I first learned about it on, of all things, Babylon 5, the television show. Mr. Garibaldi was making it. It has olive oil, butter, anchovies, and lots of minced garlic. As Dr. Franklin said. “I can feel my arteries hardening just being in the same room with it.”

If you say “Italian” I’m torn between the polenta I had in a mountain village 2 hours east of Rome and insanely lemony limoncello I had in Capri.

Pasta only plays a small role in authentic Italian cuisine, and when it does it’s an appetizer and more common in the south. Rice (as in risotto) and polenta are the equivalent in the north. Central Italy is a mix of the two.

(and oh, the potato pizza I had in that mountain town was to die for too!)

And gelato. Don’t forget gelato. I practically lived on it the last time I was in Italy, which was roughly 15 years ago.

Nobody else has mentioned Hungary yet: Goulash.

Poland, while pierogis and kishka are both very good, I think that the standard association is kielbasi (with or without sauerkraut).

And while corned beef and cabbage is probably many Americans’ first association with Ireland, it’s not actually much of an Irish food. The association comes from Irish-Americans who came to the New World and hit it big (compared to what they used to have), and went crazy over things like corned beef that they couldn’t get in the Old Country. Real Irish food, meanwhile, is mostly the same basic staples that you’ll find anywhere in Europe.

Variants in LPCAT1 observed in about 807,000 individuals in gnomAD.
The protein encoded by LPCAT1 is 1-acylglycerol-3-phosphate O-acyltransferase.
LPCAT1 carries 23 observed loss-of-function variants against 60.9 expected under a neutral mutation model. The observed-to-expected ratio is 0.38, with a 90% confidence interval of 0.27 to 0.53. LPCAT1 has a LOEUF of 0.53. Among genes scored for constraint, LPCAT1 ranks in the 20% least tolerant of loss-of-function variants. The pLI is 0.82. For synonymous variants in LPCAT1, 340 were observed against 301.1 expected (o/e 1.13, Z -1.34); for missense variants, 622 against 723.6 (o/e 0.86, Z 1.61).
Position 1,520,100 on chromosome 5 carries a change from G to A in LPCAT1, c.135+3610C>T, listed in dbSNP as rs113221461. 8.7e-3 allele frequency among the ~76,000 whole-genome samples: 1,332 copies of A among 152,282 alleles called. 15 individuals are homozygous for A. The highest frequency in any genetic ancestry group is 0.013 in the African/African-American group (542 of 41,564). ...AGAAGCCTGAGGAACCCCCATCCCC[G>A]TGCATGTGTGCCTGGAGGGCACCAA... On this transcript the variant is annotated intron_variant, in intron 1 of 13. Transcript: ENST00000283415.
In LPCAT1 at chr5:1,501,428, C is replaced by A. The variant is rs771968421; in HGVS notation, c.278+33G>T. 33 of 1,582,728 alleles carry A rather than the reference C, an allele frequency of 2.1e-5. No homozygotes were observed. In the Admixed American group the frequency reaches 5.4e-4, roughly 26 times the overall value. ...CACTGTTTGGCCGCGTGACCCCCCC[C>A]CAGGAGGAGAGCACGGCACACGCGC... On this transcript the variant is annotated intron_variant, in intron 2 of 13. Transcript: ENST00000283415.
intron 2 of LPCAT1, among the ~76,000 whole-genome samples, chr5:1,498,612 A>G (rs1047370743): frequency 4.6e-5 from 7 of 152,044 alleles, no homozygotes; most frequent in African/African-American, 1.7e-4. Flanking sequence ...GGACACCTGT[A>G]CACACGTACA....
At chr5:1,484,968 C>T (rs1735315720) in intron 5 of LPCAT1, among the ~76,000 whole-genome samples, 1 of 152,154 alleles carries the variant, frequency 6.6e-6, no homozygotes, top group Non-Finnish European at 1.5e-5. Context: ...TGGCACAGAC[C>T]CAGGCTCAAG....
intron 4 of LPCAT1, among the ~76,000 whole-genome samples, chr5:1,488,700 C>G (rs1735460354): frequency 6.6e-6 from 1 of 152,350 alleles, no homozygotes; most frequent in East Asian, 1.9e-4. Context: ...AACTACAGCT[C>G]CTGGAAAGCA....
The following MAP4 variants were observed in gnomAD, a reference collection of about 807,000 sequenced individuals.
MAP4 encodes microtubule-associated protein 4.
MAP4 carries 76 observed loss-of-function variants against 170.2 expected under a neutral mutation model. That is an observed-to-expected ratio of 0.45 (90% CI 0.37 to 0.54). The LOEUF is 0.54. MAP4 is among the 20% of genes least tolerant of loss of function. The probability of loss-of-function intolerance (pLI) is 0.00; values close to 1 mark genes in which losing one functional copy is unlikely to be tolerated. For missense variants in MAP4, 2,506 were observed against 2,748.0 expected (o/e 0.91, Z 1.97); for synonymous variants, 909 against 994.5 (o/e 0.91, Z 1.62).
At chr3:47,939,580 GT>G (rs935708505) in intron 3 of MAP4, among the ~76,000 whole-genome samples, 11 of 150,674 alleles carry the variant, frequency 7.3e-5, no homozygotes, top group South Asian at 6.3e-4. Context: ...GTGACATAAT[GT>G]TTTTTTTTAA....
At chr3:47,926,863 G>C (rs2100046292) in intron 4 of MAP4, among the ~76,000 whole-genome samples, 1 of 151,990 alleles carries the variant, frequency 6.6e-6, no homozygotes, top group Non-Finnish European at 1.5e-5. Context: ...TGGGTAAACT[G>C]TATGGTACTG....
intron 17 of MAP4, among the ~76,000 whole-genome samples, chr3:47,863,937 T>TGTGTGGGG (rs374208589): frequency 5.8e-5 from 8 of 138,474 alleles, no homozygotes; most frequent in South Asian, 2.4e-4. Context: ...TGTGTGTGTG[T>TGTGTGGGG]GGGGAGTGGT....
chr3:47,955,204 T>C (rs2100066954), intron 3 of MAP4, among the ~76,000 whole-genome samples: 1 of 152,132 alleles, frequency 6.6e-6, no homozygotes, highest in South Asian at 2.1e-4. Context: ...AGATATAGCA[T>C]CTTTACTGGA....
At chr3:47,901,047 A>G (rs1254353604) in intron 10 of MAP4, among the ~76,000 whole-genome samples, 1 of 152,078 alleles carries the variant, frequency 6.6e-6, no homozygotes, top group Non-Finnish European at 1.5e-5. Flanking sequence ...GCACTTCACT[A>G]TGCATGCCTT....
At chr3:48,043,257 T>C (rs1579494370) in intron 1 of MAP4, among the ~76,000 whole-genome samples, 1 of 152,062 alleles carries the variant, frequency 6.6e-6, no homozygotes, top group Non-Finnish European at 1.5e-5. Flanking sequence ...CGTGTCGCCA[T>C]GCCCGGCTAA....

Except for the brown soda bread. I’ve never been able to find that anywhere else, and I can’t seem to make it right myself, either.

While I have no idea what constitutes typical food in Cuba, Enchiladas are something I would never have guessed without many clues.

I saw that coming when I was proofing my OP. Decided it was a valid interpretation and left it alone. :slight_smile: Cornbread for me too.

You are quite right. I meant Andy Capp.

According to Esquire, shawarma sales got a huge boost in L.A. after a comment at the end of the Avengers movie. I had probably heard of it before then, but it had never really been on my radar.

That’s exactly what I was talking about with foreign perception versus reality. I’ve always ‘known’ that pasta was as much a staple to Italians as rice is to Asians.

I suppose that now someone’s going to tell me that Asians aren’t big on rice either.

No way, dude! A Dogpatch banquet, if such a thing were ever to happen, would feature trashbean soup, followed by po’k chops and prasarved tarnips.

:smack:I don’t know if helps that it was supposed to be ‘Tamales’.

I’ve had Cuban tamales, they have chunks of ham and peppers in them instead of loose meat mix, very good, and I don’t have any other particular association with Cuban food.

Eggs over easy but fried (nay, boiled) in REAL farm-fresh butter.
Orange juice that was juiced from fresh oranges.

Sweet Tea, from scratch.
Fried Chicken, from scratch.

Steamed clams, in season.
Slow roasted pork, impregnated with layers of garlic cloves and brushed with a home made BBQ reduction sauce every 2-3 minutes while on a slow turning spit.
Fresh pie, made with berries picked that day. Often, it was several inches deep and you could Still ask for a scoop of home-made vanilla icecream on top.

Growing up, I learned that just because someone lived in the country didn’t mean that they didn’t know how to live WELL…

You just playing Count? Or did you really not read the OP? :wink: